Researchers in universities and elsewhere are using the cloud (and HPC clusters) in their research in order to reduce the cost, or increase the speed of reaching research conclusions. I was asked yesterday for a few examples of how the cloud is improving research, so having created the list, I thought it would be worth sharing:
Seattle Children’s Hospital
Making bioinformatics data more accessible to researchers worldwide leveraging BLAST technology
Windows HPC Server
Africa HIV: Using HPC to find weaknesses in the HIV virus. Shortened years of computations to mere hours to generate 20 key findings allowing scientists to hone in on finding a cure.
University Cal Berkeley
MODISAzure is a pipeline for the download, processing, and reduction of diverse satellite imagery by using Windows Azure to deliver the results of massive cloud computational power to the desktops of researchers
Intellectual Ventures is working to eradicate malaria by simulating how the disease spreads. To do so, it uses a computing cluster that runs Windows HPC Server 2008 R2 to take advantage of new features and expand the cluster to include business users.
Casa Sollievo della Sofferenza (Italy)
The institute relies on bioinformatics solutions to aid its research projects by looking for discrepancies among DNA samples. To process more genetic data at greater speeds, the institute used Microsoft parallel development tools, such as the support for Parallel Programing in Microsoft .NET Framework 4, to create a set of software plug-ins for the Ocean Workbench, a bioinformatics platform designed to model, check and simulate biological models.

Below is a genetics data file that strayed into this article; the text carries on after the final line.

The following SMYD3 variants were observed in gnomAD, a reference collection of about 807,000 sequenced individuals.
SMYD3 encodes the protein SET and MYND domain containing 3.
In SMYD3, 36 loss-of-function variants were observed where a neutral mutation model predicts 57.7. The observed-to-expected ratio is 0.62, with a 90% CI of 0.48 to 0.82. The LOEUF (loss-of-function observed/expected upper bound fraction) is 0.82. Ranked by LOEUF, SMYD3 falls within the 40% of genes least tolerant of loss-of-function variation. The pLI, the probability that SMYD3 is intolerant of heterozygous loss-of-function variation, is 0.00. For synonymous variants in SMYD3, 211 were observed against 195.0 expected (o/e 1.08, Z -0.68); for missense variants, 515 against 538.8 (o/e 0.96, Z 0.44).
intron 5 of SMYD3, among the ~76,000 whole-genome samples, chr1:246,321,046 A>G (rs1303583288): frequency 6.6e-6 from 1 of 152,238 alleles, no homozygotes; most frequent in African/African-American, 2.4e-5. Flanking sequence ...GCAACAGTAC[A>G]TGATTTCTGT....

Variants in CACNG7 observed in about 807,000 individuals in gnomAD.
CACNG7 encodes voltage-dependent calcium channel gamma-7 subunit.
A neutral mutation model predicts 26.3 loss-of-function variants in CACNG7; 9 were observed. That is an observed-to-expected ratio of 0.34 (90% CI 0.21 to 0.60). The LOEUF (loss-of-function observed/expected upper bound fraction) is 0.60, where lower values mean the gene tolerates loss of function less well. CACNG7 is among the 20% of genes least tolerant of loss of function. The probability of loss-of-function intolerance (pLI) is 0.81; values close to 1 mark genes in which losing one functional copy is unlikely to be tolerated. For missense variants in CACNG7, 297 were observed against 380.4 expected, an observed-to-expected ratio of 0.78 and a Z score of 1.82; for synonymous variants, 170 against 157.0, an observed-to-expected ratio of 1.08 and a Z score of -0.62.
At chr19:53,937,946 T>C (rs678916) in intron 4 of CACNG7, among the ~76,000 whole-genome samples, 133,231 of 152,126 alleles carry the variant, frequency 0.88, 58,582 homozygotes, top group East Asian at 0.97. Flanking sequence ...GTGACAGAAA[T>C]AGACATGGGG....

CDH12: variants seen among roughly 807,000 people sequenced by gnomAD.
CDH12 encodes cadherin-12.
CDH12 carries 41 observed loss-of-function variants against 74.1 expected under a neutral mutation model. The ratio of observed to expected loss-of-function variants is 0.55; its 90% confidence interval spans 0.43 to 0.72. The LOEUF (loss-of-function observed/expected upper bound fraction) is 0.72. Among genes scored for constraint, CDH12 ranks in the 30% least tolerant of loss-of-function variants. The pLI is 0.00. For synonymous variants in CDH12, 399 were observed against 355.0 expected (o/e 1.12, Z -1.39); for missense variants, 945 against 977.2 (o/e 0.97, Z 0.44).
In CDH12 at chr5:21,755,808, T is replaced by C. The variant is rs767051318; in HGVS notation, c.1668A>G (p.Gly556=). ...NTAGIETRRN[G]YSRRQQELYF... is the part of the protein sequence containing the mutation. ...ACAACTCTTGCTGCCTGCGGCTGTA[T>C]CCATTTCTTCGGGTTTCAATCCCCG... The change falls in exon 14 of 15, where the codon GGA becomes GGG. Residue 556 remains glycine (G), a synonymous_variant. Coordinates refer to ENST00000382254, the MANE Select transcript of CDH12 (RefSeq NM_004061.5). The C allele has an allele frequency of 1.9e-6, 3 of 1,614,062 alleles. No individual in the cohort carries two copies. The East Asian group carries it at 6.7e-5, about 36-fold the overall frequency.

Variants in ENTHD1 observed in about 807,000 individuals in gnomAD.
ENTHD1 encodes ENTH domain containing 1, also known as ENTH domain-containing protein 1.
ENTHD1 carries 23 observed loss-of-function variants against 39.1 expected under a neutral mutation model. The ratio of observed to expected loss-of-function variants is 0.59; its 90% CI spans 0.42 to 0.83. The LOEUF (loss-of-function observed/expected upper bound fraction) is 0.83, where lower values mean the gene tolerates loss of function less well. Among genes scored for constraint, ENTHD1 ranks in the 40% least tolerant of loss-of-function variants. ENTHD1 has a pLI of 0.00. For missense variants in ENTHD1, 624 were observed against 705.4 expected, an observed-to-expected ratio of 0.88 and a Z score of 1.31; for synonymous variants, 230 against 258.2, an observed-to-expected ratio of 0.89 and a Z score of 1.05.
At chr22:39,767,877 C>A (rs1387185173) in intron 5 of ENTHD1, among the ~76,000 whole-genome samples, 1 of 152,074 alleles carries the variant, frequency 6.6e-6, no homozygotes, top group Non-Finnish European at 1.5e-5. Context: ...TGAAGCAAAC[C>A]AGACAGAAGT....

University of Newcastle
Uses Azure to execute hundreds of workflows, each is a test of a target molecule for possible use as an anti-cancer drug
Paper presented at ersymposium
University of Trento Centre for COSBI
The work being performed at the CoSBi facility has the potential to have wide-ranging impact. In addition to better understanding of biological systems that could enhance the use of targeted medicines to fight prominent illnesses, systems-biology research on nutrigenomics promises insights into how food can interact with DNA to activate genes that prevent the onset of diseases. And the study of webs of interaction enables the modelling and analysis of ecosystems to determine how the food chain is influenced by human-caused environmental change
Using Azure to predict the behaviour of different species and whole ecosystems to biological and chemical changes.
And if that isn't enough, there's some great materials shared from the Cloud Futures 2012 conference, which looked . You can see the agenda, and download associated papers, slides and videos, on the Cloud Futures 2012 website
If you want to know more about how you can use Windows Azure in research in Higher Education, then a great starting point is the Azure Research Engagement website